#GlobalNews: 13-19 Oct 16

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    13-19 Oct 2016

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    New childcare scheme to be expanded in 2017

    Fiach Kelly. The Irish Times. 14 Oct 2016.



    [Ireland] Moves to widen the newly announced childcare scheme to cover more childminders are likely to be in place in advance of next year’s budget. Among those likely to be brought into the scheme are those who look after a small number of children in the childminder’s own home. The plan for subsidised childcare announced by Minister for Children Katherine Zappone, will mostly apply to centre-based childcare providers, such as creches and childminders who are registered with Tusla, the Child and Family Agency.


    Officials from the Department of Children said that only 125 childminders who used their own homes or other facilities to mind a small number of children are registered with Tusla. It is expected that this will increase in the coming months. Those registered with Tusla have to meet the same standard as larger creche facilities. However, the Department has been engaging with Childminding Ireland on drafting standards that would apply to childminders.




    One in 10 elderly people have suicidal thoughts: poll

    The Korea Herald. 18 Oct 2016.



    [S. Korea] 1 out of 10 senior citizens have had thoughts about attempting suicide in the past year, a survey showed. According to the survey conducted by the Korea Institute for Health and Social Affairs (KHASA) on 853 people aged over 65, 10.3% said they have felt an impulse to take their own lives. The survey showed 10.1% of people aged between 65 and 74 have such an impulse, while 11.4% of people aged over 75 also said so. As for the reason, health issues were the most anxiety-causing factor with 6.46, followed by financial reasons with 6.38 and other psychological issues with 5.9. Elderly people in the low-income bracket consider suicide much more than people at higher income levels, the survey showed. "Anxiety and psychological health of the elderly are directly related to various social ills," said Chae Soo-mi, a researcher. "It is time to roll out various measures to take care of the mental health of the elderly people."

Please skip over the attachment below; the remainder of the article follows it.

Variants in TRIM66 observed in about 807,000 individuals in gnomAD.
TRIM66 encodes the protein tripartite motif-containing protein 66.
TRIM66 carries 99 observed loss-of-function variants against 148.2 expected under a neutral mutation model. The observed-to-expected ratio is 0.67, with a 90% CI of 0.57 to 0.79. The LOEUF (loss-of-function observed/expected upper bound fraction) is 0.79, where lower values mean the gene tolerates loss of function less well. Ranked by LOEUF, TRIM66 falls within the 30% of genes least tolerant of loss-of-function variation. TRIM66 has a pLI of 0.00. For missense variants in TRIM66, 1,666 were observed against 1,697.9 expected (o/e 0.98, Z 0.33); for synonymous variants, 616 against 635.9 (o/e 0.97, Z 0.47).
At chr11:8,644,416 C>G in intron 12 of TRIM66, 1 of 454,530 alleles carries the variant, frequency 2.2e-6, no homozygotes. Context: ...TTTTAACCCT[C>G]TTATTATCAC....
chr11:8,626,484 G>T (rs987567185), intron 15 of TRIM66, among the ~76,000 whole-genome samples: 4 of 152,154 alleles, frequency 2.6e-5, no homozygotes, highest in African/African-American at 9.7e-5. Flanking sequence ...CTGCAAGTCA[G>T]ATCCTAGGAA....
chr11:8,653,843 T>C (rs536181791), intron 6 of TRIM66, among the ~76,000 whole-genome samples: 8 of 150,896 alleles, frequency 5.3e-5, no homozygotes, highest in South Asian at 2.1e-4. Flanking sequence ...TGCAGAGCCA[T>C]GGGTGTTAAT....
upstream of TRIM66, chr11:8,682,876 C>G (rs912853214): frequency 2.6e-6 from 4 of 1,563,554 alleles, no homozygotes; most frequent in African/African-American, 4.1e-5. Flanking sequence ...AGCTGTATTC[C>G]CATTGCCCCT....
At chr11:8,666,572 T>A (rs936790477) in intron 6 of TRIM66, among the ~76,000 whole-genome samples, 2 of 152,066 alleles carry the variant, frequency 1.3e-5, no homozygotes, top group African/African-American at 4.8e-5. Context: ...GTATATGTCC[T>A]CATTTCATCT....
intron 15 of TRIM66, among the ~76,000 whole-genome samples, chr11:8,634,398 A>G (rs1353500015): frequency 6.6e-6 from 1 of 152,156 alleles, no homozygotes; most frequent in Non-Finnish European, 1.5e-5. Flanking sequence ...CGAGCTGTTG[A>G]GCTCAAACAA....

Unpaid leave planned for infertility treatments

    Lee Han-soo. The Korea Herald. 18 Oct 2016.



    [S. Korea] Couples trying to have a baby through infertility procedures may become entitled to up to three days of unpaid leave from work from as early as mid-2017, according to a government plan that has been unveiled. The plan, approved by the Cabinet, entails a set of new measures to boost the country’s low birth rate, which stands at just 1.24 births per woman. While encouraging couples to have more babies, the government has been rolling out various measures to support infertile couples and prevent miscarriages. Along with the envisioned infertility-treatment leave, the government plans to expand the scope of childcare leave to include pregnant women. Currently, the leave is allowed only after giving birth, not during pregnancy. The government aims to amend a related law and implement the measures in the second half of next year.



    Number of Seoul schoolchildren falling

    The Korea Herald. 18 Oct 2016.



    Paternity leave takers jump 53%

    The Korea Herald. 18 Oct 2016.



    [S. Korea] The number of fathers taking time off work to take care of their children has increased by more than 50% in South Korea, which Seoul officials say is a hopeful sign that the country’s rigid work culture is becoming more family friendly. According to data by the Labor Ministry, 5,398 male workers took child care leave in the first nine months of this year, up 53.2% from the corresponding period in 2015. In the January-September period, the entire number of child care leave takers grew by 3.8%, the ministry’s data showed.  To further promote working dads to use the leave, the government plans to raise the ceiling on the pay to 2 million won for those choosing to take the leave for their second or subsequent child, from as early as the second half of next year.